By the time AMC aired the "Tell It to the Frogs" episode of The Walking Dead TV show in 2010, Image Comics had published 78 issues of Robert Kirkman's Walking Dead comic book — and not a single issue featured brothers Merle and Daryl Dixon. Played by Michael Rooker and Norman Reedus, the Dixon brothers were created by series developer and then-showrunner Frank Darabont for AMC's adaptation of the comic books. Daryl would go on to become one of the television show's most popular characters — and will lead his already-renewed solo spin-off, The Walking Dead: Daryl Dixon, premiering this fall — so why wasn't Daryl in the comics?
"While I had a hand in creating Daryl and Merle, it was very much a team effort involving other season one writers Jack LoGiudice and Charles H. Eglee, as well as Frank Darabont (who originated and named them)," Kirkman wrote of the Dixon duo in the letters page in The Walking Dead Deluxe #67. "A cool thing in TV is that the actors also have a huge hand in who their characters become just in the way they interpret lines. Surprising line reads inspire the writers to write the characters completely differently as the series progresses. So, I'd also credit Michael Rooker and Norman Reedus with a lot of what makes those characters work."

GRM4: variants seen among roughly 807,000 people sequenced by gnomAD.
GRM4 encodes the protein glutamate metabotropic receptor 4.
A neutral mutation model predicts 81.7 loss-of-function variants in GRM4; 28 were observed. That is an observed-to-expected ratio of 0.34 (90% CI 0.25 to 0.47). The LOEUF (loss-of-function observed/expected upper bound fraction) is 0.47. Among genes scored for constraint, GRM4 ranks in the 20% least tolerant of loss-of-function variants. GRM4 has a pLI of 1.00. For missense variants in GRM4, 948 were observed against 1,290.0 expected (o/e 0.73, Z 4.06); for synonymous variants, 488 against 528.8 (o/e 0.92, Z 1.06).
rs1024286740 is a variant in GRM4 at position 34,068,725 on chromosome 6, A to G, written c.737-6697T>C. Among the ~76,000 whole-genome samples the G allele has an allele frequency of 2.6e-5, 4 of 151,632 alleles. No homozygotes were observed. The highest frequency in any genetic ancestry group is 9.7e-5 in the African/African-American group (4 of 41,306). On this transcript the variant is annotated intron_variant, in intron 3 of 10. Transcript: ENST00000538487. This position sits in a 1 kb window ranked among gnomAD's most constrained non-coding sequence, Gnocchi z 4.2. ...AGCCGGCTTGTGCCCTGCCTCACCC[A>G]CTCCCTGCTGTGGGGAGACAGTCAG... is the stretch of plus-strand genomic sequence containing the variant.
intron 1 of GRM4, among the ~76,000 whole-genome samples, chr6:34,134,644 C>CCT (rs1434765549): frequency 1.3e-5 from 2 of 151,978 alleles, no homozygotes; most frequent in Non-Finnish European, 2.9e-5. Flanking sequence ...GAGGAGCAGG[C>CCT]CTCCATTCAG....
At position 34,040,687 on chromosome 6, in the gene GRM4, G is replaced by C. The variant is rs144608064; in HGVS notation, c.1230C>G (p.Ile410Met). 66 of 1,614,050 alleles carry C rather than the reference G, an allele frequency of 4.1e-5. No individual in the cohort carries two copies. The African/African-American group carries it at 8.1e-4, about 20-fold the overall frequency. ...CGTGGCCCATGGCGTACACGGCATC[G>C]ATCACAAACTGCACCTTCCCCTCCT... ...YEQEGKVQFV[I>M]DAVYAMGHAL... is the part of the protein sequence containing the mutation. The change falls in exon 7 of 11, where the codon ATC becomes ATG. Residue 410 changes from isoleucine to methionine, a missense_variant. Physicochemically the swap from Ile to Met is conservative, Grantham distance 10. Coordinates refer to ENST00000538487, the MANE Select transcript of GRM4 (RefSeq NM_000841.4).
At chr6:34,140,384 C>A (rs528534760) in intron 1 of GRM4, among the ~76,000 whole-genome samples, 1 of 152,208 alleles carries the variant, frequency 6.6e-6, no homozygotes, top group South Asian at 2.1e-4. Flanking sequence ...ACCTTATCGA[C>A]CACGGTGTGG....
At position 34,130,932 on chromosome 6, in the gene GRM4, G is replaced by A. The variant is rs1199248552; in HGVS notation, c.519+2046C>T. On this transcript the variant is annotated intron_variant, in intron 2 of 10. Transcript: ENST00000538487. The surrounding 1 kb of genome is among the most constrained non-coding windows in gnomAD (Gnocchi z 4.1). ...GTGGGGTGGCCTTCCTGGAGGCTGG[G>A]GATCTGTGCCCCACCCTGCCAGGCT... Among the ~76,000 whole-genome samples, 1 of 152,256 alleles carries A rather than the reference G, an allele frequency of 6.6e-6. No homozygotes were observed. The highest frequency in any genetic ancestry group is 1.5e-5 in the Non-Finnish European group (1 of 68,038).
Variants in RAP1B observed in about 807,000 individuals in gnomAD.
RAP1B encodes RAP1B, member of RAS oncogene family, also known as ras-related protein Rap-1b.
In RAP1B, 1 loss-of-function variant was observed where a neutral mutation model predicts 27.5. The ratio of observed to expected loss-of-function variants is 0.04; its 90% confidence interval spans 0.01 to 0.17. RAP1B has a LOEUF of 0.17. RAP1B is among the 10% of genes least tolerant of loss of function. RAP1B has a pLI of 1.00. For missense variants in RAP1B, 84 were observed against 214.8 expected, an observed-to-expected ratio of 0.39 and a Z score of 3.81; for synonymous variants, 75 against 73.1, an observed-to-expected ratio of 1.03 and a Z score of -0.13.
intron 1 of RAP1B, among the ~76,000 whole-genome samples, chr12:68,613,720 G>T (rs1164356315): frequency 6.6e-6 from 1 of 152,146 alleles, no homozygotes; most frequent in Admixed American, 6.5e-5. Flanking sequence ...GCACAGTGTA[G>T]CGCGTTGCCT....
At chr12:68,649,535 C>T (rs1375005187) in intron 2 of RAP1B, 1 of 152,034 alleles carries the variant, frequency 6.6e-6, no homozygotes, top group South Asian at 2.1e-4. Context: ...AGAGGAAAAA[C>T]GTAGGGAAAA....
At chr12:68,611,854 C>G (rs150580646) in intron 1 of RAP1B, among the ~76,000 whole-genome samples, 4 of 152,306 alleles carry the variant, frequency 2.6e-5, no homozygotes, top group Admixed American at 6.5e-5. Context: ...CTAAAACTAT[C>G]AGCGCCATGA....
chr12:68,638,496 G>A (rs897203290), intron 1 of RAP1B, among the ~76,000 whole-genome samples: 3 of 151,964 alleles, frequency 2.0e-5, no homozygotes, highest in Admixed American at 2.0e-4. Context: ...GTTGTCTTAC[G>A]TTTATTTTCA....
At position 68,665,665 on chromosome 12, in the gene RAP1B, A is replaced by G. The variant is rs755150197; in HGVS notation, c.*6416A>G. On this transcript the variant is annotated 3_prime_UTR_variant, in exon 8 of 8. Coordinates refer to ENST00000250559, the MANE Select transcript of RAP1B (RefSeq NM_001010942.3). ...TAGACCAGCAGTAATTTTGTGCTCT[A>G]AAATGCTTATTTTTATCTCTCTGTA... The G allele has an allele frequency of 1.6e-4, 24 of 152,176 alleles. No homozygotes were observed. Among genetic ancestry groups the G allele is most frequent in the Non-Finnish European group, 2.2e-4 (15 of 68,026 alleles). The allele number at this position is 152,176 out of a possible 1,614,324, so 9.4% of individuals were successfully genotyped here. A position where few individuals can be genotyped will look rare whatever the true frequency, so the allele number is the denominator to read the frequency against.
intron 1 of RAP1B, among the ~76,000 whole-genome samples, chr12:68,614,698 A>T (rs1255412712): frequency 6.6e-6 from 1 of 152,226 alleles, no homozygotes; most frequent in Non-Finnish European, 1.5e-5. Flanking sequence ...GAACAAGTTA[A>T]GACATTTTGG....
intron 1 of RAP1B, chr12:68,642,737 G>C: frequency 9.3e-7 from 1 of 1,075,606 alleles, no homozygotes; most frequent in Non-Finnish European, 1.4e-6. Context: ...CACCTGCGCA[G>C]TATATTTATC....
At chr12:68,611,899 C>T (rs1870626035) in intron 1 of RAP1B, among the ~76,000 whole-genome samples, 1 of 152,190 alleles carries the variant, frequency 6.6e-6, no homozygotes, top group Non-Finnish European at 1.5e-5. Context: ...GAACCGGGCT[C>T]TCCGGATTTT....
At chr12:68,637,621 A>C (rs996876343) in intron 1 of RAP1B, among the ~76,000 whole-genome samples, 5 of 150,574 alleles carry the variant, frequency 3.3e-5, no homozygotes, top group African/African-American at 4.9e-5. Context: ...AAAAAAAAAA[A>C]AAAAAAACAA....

Reedus initially auditioned for the Merle role. (While casting directors "loved" the Boondock Saints actor, he "wasn't a perfect fit" for the racist, redneck drug dealer — so Darabont created Daryl for Reedus.)
Kirkman added that there were "logistical issues" that barred bringing TV show characters into the comics, but did not specify what those might be. "I would never have done it because it would feel wrong to bring the work of so many other people into the comic," Kirkman explained. "I never wanted the show to change the comic, since the comic is what made the show possible, and I worried it could turn into a snake eating its own tail."
The Walking Dead issue #98, published in 2012, introduced Dwight, a disfigured member of the Saviors who wielded TV Daryl's weapon of choice: a crossbow. "All that said," Kirkman wrote, "doing fun things like making comic readers think Dwight might be Daryl when introducing him? That kind of stuff is fun."
During a 2018 panel at San Diego Comic-Con, Kirkman remarked that there were "Norman Reedus likeness rights" that barred Daryl Dixon from the comic book. "I love the fact that there is something, if you read the comics, there would be an absence of Daryl and I feel like that adds to the mystery of the comic and makes it more appealing," Kirkman said at the time.
The Walking Dead Deluxe #68 is on stands August 2nd from Skybound and Image Comics.